Following months of speculation about its financial stability and some hard-nosed negotiation with sureties and bankers, Cambridge, Mass.-based Modern Continental Construction Co. Inc announced Sept. 23 that it will merge with Jay Cashman Inc., Quincy, Mass., to form a new joint corporate entity effective within the next six months. The news was announced to Modern employees late in the day at a meeting in Medford, Mass.

Jay Cashman

The new corporate structure, as yet to be determined and named, joins two well-known regional firms that will immediately pursue future jobs in the New York City and New England areas. "The combination of Modern’s heavy civil construction and our expertise in marine construction will create a company with unparalleled capabilities across a spectrum of construction specialty areas," says Chairman Jay Cashman in a statement.

The move also will help finance completion of Modern’s remaining work on Boston’s $14.6-billion Central Artery/Tunnel project. Modern currently is laboring on five contracts totaling an estimated $400 million. The jobs are between 50% to 80% complete and must be finished by mid-2005 when CA/T wraps up. An industry source says that Modern’s surety, Travelers Property Casualty Corp., has been managing Modern’s cash flow and that the contracts would remain with Modern. Cashman also is bonded by and working with Travelers. "I have met with Modern’s bonding company and I fully expect a smooth transition," says Matthew J. Amorello, chairman of the Massachusetts Turnpike Authority, which manages CA/T. "Both Modern and Cashman have done extensive work on the CA/T and we are confident this change will have no impact as we work towards completion."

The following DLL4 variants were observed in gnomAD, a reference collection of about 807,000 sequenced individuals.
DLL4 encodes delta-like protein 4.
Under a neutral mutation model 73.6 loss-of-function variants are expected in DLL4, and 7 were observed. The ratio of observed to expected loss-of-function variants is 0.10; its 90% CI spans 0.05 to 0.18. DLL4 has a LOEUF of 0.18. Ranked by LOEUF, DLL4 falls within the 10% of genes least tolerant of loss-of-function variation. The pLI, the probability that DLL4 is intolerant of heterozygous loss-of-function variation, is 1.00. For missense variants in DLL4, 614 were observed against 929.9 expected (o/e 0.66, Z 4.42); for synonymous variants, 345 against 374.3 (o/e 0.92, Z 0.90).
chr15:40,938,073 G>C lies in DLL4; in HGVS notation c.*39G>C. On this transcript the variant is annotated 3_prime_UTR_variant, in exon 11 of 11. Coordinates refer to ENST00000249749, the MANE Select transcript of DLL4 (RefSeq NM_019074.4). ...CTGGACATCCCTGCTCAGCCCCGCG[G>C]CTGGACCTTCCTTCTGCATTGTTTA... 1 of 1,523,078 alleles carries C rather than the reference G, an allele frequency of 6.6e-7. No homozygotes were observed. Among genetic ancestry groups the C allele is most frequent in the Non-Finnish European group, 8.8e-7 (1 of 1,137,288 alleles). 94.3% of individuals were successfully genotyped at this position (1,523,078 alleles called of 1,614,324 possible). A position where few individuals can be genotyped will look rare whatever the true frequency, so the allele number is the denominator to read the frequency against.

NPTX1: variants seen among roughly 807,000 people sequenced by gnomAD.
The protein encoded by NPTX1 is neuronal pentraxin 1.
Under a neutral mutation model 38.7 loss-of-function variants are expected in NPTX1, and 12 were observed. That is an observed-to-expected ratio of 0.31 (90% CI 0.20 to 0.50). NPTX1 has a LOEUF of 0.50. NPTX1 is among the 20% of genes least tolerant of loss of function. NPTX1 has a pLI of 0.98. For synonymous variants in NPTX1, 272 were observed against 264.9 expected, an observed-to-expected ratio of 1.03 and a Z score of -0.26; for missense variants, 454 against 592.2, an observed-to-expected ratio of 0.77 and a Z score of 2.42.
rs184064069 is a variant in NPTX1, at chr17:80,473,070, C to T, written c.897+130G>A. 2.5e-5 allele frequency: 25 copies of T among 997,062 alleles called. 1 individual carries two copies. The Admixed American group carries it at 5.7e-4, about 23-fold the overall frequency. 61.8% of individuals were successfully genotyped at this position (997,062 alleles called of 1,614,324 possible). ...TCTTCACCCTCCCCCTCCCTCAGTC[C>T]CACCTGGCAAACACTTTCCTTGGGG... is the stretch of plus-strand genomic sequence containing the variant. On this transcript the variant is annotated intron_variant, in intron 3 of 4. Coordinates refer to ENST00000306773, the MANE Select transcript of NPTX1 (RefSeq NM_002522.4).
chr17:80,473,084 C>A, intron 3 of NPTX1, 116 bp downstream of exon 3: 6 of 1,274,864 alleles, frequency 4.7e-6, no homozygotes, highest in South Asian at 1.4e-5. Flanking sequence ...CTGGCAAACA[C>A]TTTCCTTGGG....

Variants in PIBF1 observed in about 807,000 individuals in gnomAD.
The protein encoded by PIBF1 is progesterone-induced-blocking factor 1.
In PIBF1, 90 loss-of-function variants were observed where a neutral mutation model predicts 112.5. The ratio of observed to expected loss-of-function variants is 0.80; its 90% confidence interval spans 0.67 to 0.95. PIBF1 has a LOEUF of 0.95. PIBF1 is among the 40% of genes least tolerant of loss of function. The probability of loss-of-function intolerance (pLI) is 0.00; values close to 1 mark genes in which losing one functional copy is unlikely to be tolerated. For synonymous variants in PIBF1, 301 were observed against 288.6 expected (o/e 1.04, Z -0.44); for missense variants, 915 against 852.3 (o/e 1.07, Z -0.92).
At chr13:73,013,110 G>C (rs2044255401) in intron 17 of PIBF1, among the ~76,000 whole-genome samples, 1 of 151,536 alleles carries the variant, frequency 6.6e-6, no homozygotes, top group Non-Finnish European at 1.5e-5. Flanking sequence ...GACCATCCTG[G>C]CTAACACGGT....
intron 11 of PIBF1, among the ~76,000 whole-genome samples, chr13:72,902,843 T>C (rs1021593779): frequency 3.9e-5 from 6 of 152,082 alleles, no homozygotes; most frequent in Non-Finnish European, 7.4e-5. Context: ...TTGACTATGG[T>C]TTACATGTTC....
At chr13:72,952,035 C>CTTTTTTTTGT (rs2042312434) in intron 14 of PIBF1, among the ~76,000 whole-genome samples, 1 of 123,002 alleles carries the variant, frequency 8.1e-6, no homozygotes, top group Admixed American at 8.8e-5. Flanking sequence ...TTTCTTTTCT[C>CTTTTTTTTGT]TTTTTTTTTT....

There had been industry speculation that Modern was on the ropes financially as CA/T began winding down construction last year. Modern had won over $3 billion in CA/T contracts during the project's 10-year construction heyday and had attempted to expand into new regional markets in the Southeast and West Coast, but had mixed results that crimped its cash flow (ENR 8/2 p. 12). The firm, which is ranked 42nd among ENR's Top 400 contractors, was actively pursuing financial and organizational options when it was approached by Cashman six months ago.

Modern was founded in 1967 by Lelio "Les" Marino, an Italian immigrant, and currently has about an 18-month, $700-million backlog. According to Modern President John H. Pastore, the firm was shooting for an annual volume of $250 million by 2006. Cashman is a 30-year old privately held firm with a large dredging fleet. It posts annual revenue between $125 million to $200 million and has a $350-million backlog. The firm was known as J.M. Cashman until 1994.

Dale Pyatt

Modern has had an established, but competitive, working relationship with Cashman because both firms worked on CA/T projects, frequently on neighboring segments. "Jay has been a respected competitor for many years," says Marino. "Together, our companies will create a new model for the construction industry."

Sources believe that Dale H. Pyatt, Cashman president and CEO will lead the new firm while Pastore manages the Modern transition. "The goal of both companies is to successfully merge and transition everyone over to the new entity," says Pyatt.